“Place is important to my work, coming from a place that is determined in other people’s imagination,” said Joiri Minaya, a multidisciplinary artist from the Dominican Republic. Minaya’s work engages with Camouflage, one of Burnaway’s 2023 themes. According to the artist, camouflage is a survival strategy, and a tool for liberation.
“Tropical” patterns, found and created by the artist, populate Minaya’s studio and practice. In Containers (2015-2020), Minaya photographs women in full coverage patterned bodysuits striking poses sourced from a Google search for “Dominican women.” In doing so, Minaya questions the agency of opacity and the power of blending into or standing out from nature. Growing up in Santo Domingo, a city with few public parks, Minaya counters a romanticized conception of nature with the reality that it can be both beautiful and treacherous.
Intervening in visual and political patterns, Minaya examines public statues and commemoration. In The Cloaking (2020), the artist creates her own fabric prints with illustrated plants that have been employed in systems of resistance by Indigenous and Afro-Diasporic peoples in the Americas. The patterned fabric is used to cover statues of colonizers in public squares. Through various forms of layering, Minaya is “trying to tell the stories that remain untold.”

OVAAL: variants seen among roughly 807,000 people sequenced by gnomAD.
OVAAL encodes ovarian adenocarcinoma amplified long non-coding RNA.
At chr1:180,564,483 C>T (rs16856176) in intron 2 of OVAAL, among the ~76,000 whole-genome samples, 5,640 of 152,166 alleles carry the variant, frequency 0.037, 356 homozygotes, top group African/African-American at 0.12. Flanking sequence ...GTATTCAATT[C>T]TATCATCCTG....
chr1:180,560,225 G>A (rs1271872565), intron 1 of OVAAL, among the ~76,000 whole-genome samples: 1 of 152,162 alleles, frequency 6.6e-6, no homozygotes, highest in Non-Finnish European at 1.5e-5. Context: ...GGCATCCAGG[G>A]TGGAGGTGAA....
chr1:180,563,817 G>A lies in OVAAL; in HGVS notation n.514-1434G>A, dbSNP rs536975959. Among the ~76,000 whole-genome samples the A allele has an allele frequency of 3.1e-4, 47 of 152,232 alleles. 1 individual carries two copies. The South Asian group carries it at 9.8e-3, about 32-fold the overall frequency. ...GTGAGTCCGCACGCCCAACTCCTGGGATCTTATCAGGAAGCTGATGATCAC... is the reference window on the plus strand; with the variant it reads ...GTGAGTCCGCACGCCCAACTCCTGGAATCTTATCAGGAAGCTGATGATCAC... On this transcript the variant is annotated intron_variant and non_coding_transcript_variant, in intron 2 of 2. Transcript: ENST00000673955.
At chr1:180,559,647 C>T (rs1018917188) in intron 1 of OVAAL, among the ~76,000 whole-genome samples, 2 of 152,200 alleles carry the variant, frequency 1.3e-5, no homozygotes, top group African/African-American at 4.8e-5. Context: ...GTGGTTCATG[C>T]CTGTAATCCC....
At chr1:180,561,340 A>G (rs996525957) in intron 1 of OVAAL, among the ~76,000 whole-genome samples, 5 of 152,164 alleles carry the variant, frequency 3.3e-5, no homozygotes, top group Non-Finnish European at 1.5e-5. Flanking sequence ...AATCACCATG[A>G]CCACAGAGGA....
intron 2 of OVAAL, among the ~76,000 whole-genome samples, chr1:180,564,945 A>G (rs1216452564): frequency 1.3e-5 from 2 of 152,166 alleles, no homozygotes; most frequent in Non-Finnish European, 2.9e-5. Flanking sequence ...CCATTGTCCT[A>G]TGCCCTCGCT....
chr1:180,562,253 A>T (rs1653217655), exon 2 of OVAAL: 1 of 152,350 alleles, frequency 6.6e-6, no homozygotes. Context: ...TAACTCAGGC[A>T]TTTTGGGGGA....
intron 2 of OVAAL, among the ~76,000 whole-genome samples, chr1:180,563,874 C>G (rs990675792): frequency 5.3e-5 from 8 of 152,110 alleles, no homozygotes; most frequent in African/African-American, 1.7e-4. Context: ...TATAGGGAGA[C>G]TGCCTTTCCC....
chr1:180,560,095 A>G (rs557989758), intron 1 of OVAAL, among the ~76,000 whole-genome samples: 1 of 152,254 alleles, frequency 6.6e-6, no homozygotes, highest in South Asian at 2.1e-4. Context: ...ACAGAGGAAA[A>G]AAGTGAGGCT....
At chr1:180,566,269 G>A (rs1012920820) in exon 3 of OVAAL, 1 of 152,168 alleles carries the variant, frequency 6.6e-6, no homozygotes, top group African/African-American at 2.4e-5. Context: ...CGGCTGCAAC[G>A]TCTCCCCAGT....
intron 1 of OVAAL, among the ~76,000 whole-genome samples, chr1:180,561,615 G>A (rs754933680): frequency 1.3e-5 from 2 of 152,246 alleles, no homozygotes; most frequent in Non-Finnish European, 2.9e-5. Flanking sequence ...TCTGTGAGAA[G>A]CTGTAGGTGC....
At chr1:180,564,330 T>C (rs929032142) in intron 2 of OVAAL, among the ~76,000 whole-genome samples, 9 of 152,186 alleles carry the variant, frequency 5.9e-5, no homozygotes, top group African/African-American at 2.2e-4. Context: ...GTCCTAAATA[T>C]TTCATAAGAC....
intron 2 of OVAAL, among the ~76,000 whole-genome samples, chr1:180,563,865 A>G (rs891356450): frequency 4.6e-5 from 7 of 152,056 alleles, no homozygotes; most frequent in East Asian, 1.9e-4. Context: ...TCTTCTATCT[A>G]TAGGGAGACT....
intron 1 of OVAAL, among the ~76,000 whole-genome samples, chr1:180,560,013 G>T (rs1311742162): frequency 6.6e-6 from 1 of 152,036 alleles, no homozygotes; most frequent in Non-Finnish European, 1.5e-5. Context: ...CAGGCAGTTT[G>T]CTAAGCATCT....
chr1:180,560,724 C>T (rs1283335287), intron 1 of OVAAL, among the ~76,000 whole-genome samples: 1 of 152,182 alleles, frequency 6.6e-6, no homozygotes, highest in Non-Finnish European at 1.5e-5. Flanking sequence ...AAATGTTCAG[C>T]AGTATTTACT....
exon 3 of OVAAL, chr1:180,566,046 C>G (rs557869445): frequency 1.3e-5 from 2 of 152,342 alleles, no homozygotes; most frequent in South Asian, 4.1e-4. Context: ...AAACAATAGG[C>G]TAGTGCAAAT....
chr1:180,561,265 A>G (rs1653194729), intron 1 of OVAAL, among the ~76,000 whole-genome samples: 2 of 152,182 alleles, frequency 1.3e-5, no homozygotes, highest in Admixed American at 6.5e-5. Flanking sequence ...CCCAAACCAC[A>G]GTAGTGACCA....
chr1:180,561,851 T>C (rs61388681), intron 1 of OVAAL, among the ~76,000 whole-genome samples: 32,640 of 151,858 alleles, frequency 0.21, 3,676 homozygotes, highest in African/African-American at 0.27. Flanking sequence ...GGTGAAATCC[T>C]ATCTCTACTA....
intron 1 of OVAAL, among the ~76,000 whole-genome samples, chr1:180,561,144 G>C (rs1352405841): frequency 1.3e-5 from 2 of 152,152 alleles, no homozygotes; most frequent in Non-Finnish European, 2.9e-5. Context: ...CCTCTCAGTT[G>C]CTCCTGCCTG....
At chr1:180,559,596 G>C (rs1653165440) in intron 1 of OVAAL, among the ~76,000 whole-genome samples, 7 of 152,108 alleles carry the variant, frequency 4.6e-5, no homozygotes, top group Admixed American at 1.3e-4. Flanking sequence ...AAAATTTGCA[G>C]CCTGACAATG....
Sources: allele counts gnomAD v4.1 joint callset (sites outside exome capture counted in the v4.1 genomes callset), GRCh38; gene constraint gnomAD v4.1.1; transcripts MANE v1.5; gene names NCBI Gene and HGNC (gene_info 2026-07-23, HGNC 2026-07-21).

This film is part of Burnaway’s partnership with Art21, an organization that produces award-winning documentary films about the world’s most groundbreaking contemporary artists. The collaboration intends to deepen an understanding of visual art that hails from the South today.
Cruz’s geodesic dome, the Viviarium Meconium Lab, provides a safe space for native butterflies to breed and grow, free from predators and pesticides.
Cruz’s work is inspired by his own experience of transformation. Born in the Dominican Republic and raised in Hialeah, Florida, Cruz has seen firsthand the impact of climate change on his community.
We return to the Dominican Republic-born artist’s exhibition in 2019, “Immersion into Compounded Time,” exploring inherited and imagined histories, women’s work, science fiction and fantasy, and the complicated cultural landscapes of the Global South and the Caribbean.